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clared to be still in force and The third describes the nature binding on both parties. Relying and powers of the legislature. upon

these treaties, the Cherokee This is to consist of a Committee nation determined to part with no and a Council, each having a nemore territory, and availing them- gative on the other, and both to selves of the advantages held out be styled the General Council of by them, they had under the the Cherokee Nation.' The Comguidance of their sagacious chief- mittee is to consist of two memtains advanced rapidly in civiliza- bers from each of the eight distion and promised soon to be on tricts; and the council of three a footing of equality with the sur- from each district is to be chosen rounding whites.

by the qualified electors in their In 1827, a striking advance was respective districts, for the term made by their discarding in a of two years. All free male citigeneral council their former rude zens except persons of African government, which was based on origin, who have attained the age their aboriginal customs, and of eighteen years, are entitled to adopting a written constitution for vote at public elections and are the future government of the na- to vote viva voce. The other protion. This constitution was in visions of this article need not be substance as follows. The first stated, as they are similar to those article describes the boundaries which govern legislative proceedof the nation and declares that ings in the States of the Union. the jurisdiction of the govern- The fourth relates to the exment shall extend over the country ecutive power. This is vested in within the described boundaries, a Principal Chief, to be chosen and that the lands therein shall by the General Council, and to be the common property of the hold his office four years. An nation, but the improvements assistant Principal Chief is to be made thereon are to be the ex- chosen in the same manner, for clusive property of the individual four years; and every year, three citizens making or rightfully pos- men are to be appointed by the sessing the same. The citizens General Council, to be associated of the nation are to possess no with the assistant Principal Chief right to dispose of their improve as advisers of the Principal Chiess. ments in any manner to the Uni- The fifth defines the nature ted States, individual States nor and power of the Judiciary. The to individual citizens thereof, Judicial powers are vested in a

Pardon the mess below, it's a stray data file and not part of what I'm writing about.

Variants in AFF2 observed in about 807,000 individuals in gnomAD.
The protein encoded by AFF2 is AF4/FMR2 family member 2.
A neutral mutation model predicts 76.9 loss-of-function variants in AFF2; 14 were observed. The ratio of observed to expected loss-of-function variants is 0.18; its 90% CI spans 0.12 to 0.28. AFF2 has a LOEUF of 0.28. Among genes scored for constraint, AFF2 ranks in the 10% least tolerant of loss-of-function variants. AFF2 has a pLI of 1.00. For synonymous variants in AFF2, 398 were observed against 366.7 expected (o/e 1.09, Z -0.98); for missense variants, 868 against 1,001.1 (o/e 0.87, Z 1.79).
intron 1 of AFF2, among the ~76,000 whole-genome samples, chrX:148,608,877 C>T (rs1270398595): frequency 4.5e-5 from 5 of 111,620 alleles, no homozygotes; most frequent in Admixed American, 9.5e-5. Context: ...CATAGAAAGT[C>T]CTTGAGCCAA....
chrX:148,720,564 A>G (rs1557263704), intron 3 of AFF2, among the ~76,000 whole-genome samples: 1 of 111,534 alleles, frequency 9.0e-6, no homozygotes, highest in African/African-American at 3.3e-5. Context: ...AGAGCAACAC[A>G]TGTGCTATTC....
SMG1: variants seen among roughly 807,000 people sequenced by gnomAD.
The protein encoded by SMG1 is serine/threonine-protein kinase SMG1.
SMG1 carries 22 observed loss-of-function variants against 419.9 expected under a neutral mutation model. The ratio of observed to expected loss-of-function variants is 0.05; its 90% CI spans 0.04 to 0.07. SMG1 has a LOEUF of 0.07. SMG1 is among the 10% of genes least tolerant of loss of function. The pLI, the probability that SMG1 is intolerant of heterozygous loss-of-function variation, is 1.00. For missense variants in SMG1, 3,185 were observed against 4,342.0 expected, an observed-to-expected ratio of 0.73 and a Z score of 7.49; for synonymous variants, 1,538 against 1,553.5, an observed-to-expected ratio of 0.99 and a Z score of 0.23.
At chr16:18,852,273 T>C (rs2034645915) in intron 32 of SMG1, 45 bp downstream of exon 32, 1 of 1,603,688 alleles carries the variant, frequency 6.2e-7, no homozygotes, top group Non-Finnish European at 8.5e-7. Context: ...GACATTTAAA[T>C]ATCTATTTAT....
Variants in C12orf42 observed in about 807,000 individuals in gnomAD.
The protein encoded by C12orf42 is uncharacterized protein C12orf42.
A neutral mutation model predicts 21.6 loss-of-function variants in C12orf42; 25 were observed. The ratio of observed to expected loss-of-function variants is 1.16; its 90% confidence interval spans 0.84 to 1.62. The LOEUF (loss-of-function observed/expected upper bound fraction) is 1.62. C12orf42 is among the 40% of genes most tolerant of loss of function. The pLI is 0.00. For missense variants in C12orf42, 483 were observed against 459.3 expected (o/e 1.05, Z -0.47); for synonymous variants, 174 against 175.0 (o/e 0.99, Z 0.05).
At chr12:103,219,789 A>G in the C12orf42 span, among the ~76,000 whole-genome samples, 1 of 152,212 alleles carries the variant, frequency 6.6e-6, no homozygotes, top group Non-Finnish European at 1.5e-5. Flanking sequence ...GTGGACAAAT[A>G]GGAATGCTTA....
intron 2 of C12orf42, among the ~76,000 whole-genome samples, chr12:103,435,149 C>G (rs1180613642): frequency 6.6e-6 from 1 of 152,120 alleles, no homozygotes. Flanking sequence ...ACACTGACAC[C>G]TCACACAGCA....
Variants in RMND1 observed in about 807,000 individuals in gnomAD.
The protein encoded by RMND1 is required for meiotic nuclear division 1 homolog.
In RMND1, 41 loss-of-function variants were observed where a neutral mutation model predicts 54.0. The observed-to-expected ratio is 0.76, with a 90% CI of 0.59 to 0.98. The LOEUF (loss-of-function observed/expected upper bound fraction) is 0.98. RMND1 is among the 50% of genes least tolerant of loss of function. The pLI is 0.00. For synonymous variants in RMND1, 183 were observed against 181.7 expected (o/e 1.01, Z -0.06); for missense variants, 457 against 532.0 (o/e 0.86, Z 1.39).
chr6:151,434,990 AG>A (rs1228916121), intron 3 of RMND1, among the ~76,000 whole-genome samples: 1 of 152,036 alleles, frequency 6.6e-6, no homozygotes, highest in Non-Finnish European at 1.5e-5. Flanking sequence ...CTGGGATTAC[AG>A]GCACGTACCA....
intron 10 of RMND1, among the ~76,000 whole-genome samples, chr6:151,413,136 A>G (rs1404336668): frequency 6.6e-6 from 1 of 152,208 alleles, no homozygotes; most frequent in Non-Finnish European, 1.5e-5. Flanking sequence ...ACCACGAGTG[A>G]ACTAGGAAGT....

The second article divides the Supreme Court, and in such CirGovernment into three Depart- cuit and Inferior Courts as the ments : viz. the Legislative, Ex- General Council may, from time ecutive, and the Judicial, and pro- to time, establish. Three judges vides that no person belonging to constitute the Supreme Court, one of these departments, shall and hold their commissions for exercise any of the powers be- four years, but any of them may longing to another except in spe- be removed from office on the cified cases.

address of two thirds of both


houses of the General Council Universal toleration in religion is to the Principal Chief. The allowed. judges receive a stated compensa

All commissions shall be in tion and are not to receive fees or the name of the Cherokee nation perquisites of office, nor to hold and sealed with the national seal, any other office of profit or trust and be signed by the Principal whatever. They are appointed Chief. by a joint vote of both houses of No

person shall, for the same the General Council, and are offence, be twice put in jeopardy eligible only within the ages of of life or limb, nor shall private thirty and seventy years. property be taken or applied to

The rights of the citizens are public use without his consent. secured in the following manner; The right of trial by jury shall In all criminal prosecutions, the remain inviolate. accused shall have the right of Schools, and the means of edbeing heard, of demanding the ucation shall be encouraged in the nature of the accusation, of meet- nation. ing the witnesses face to face, of The appointment of officers, having compulsory process for ob- not otherwise directed by the taining witness in his favor ; and, constitution, is vested in the Lein prosecutions by indictment or gislature. information, a speedy public trial The adoption of this constituby an impartial jury of the vicin- tion on the part of the Cherokee age, nor shall he be compelled to nation, by extinguishing the exgive evidence against himself.

pectations, which had been bithThe people shall be secure in erto entertained of effecting the their persons, houses, papers and removal of this tribe, from the possessions, from unreasonable State of Georgia with its own seizures and searches, and no consent, induced the local authoriwarrant shall issue to search any ties to assume a new ground, and place, or seize any person or to hold a different language, both thing, without describing them as to the Federal Government and nearly as may be, nor without to the Indians themselves. It had good cause, supported by oath or been until now conceded, that the affirmation. All prisoners shall be Federal Government had the enbailable upon sufficient securities, tire jurisdiction over this subject, unless for capital offences, where and the Government of Georgia the proof is evident or presump- had only urged, that it was its duty tion great.